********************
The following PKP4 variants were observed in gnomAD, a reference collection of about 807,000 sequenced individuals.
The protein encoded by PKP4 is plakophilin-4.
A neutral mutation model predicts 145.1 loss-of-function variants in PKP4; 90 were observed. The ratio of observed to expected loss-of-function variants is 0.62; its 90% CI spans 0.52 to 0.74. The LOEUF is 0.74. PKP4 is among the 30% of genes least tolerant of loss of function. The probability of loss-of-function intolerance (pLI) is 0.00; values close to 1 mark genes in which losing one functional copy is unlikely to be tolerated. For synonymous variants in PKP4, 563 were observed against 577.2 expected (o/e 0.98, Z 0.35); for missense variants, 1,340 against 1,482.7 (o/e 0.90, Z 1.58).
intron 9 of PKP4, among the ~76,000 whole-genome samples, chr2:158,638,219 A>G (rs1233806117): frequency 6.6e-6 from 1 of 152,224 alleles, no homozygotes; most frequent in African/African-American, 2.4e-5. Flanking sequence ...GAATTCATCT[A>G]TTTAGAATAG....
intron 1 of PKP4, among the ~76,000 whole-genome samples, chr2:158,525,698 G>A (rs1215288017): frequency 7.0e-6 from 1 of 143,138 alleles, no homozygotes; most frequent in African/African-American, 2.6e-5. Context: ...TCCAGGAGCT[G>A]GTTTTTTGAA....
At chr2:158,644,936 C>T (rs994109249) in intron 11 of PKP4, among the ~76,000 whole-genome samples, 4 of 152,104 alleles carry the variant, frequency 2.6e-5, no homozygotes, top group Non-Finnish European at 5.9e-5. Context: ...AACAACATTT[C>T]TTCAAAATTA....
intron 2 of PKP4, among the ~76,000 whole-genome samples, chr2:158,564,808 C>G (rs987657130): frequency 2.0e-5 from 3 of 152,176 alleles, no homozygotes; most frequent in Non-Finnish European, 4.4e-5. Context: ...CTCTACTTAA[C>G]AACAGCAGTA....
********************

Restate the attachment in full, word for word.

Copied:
The following PKP4 variants were observed in gnomAD, a reference collection of about 807,000 sequenced individuals.
The protein encoded by PKP4 is plakophilin-4.
A neutral mutation model predicts 145.1 loss-of-function variants in PKP4; 90 were observed. The ratio of observed to expected loss-of-function variants is 0.62; its 90% CI spans 0.52 to 0.74. The LOEUF is 0.74. PKP4 is among the 30% of genes least tolerant of loss of function. The probability of loss-of-function intolerance (pLI) is 0.00; values close to 1 mark genes in which losing one functional copy is unlikely to be tolerated. For synonymous variants in PKP4, 563 were observed against 577.2 expected (o/e 0.98, Z 0.35); for missense variants, 1,340 against 1,482.7 (o/e 0.90, Z 1.58).
intron 9 of PKP4, among the ~76,000 whole-genome samples, chr2:158,638,219 A>G (rs1233806117): frequency 6.6e-6 from 1 of 152,224 alleles, no homozygotes; most frequent in African/African-American, 2.4e-5. Flanking sequence ...GAATTCATCT[A>G]TTTAGAATAG....
intron 1 of PKP4, among the ~76,000 whole-genome samples, chr2:158,525,698 G>A (rs1215288017): frequency 7.0e-6 from 1 of 143,138 alleles, no homozygotes; most frequent in African/African-American, 2.6e-5. Context: ...TCCAGGAGCT[G>A]GTTTTTTGAA....
At chr2:158,644,936 C>T (rs994109249) in intron 11 of PKP4, among the ~76,000 whole-genome samples, 4 of 152,104 alleles carry the variant, frequency 2.6e-5, no homozygotes, top group Non-Finnish European at 5.9e-5. Context: ...AACAACATTT[C>T]TTCAAAATTA....
intron 2 of PKP4, among the ~76,000 whole-genome samples, chr2:158,564,808 C>G (rs987657130): frequency 2.0e-5 from 3 of 152,176 alleles, no homozygotes; most frequent in Non-Finnish European, 4.4e-5. Context: ...CTCTACTTAA[C>G]AACAGCAGTA....